CREDIT, DEBT, BANKRUPTCY, and POST-BANKRUPTCY
When Bankruptcy Is the Best Option written Liz Weston May 23, 2016 and found on nerdwallet:
"Bankruptcy isn’t the end of the world. It may even be good for you.
Bankruptcy stops collection calls, lawsuits and wage garnishments. It erases debt. And despite what you’ve heard, bankruptcy may help your credit scores."
Can I Walk Away From My House After Bankruptcy? written by Gerri Detweiler and found on credit.com:
"When you do not reaffirm your mortgage in bankruptcy you can continue to live in your home as long as you make your payments. But you are no longer personally liable for the debt if you decide to leave."
Why You Should Always File Your Tax Returns Before Bankruptcy written By Jay Fleischman on Consumer 2016-01-14T16:27:11+00:00 and found on Consumer Help Central Blog:
"Under the U.S. Bankruptcy Code (11 USC 1308) you’re required to have tax returns filed for all taxable periods ending during the 4-year period ending on the date of the filing of your bankruptcy case – and you’ve got until the day before your meeting of creditors to get it done." This is for a Chapter 13 filing.
"Under the U.S. Bankruptcy Code (11 USC 521(e)) you’ve got until 7 days prior to the meeting of creditors to provide the case trustee with a copy of your most recent tax return." This is for a Chapter 7 filing.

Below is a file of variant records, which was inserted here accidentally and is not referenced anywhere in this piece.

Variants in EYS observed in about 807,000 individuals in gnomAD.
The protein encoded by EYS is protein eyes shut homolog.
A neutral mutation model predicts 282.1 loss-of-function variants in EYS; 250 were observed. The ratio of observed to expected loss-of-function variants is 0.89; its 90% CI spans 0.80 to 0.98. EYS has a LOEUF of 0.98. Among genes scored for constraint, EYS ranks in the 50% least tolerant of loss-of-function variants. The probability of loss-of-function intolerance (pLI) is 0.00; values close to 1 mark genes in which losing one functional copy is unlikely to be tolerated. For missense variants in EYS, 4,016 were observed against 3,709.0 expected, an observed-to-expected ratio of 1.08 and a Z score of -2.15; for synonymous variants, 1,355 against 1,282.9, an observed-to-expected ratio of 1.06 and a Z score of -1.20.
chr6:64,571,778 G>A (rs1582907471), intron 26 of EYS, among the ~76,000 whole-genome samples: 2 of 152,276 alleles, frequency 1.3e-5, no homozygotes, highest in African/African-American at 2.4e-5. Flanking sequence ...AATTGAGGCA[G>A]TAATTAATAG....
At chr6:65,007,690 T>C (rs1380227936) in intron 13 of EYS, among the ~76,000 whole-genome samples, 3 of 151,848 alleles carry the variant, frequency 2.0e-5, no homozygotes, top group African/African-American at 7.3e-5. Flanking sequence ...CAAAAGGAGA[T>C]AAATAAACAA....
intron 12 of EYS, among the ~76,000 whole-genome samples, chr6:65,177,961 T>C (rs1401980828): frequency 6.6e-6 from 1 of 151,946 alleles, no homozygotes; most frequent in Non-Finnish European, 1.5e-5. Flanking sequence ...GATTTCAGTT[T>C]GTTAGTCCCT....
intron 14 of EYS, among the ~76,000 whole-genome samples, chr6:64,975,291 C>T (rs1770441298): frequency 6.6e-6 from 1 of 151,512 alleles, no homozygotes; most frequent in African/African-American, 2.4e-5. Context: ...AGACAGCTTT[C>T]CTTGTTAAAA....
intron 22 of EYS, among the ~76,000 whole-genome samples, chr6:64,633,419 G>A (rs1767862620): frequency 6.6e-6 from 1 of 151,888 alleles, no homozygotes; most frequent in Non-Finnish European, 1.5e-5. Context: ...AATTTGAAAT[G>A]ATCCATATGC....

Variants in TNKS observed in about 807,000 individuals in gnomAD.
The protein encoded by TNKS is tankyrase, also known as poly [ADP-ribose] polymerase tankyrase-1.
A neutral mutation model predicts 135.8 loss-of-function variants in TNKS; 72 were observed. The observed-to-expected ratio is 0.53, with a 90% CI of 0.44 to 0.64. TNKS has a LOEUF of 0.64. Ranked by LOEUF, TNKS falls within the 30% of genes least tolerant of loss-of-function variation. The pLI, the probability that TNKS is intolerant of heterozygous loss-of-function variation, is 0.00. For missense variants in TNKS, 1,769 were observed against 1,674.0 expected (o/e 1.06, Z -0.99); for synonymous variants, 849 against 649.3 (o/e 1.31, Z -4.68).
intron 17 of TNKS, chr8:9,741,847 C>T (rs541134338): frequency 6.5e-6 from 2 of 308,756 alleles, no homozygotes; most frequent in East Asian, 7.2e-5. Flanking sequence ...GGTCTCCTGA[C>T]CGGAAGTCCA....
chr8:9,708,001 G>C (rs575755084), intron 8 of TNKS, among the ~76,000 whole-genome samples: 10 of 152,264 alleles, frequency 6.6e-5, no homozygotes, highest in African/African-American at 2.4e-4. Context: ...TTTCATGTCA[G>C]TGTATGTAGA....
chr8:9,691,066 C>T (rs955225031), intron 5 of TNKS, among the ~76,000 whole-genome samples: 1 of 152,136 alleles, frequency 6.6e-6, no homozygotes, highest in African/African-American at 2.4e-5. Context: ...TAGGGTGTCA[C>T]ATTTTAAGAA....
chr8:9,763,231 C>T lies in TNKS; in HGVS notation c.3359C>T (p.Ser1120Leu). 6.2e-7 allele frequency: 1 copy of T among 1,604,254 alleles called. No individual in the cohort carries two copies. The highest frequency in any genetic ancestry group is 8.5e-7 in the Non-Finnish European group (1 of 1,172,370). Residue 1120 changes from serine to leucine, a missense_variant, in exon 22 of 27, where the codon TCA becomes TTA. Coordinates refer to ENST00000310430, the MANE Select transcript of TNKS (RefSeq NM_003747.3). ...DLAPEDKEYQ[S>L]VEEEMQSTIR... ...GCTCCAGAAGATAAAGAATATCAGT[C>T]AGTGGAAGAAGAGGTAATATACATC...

5 Things to Know About Personal Bankruptcy and Divorce written by Justipedia Staff:
"Takeaway: Timing is crucial when it comes to divorce and bankruptcy proceedings, as is knowing what to expect when the cases are closed."
5 Bankruptcy Myths Debunked written By Susan Johnston Taylor on US News website:
"While some assume that a bankruptcy filing means the person can't resist the temptation of credit cards (and in some cases, it may), most people who will file for bankruptcy do so for other reasons. Here's a look at some of the myths surrounding consumer bankruptcy..."
Debt Settlement–Yet Again? written by on Bankruptcy Law Network. In his article, he starts it out:
"Recently, I’ve seen commercials on television for yet another debt settlement company. The tagline for this particular debt settlement company is that “you have the right to settle your credit card debt. That’s good news for you; bad news for the credit card company.” My reaction is that I cannot believe yet another company that will soon find itself in trouble for bilking consumers out of thousands of dollars is making yet another big advertising push. You do not have a “right” to settle your debt with credit card companies. I suppose, technically, you have the right to make an offer and they have a right to say, “no!"
But, between bankruptcy and debt settlement, a bankruptcy lawyer can often get rid of the debt for a fraction of what a debt settlement firm will charge. Typically, debt settlement firms will charge 15% of the outstanding debt. They will require payments into their office and deduct their fees out of the money you pay into their office. A bankruptcy lawyer will require a flat fee and, after a consultation, can assure you (with no guarantee) that the debts will be discharged depending on your situation."
"Bankruptcy is an excellent retirement strategy" written by
"Just look at the math:Your Path to Buying a House After Bankruptcy found on Blue Water Mortgage Corporation's Blog: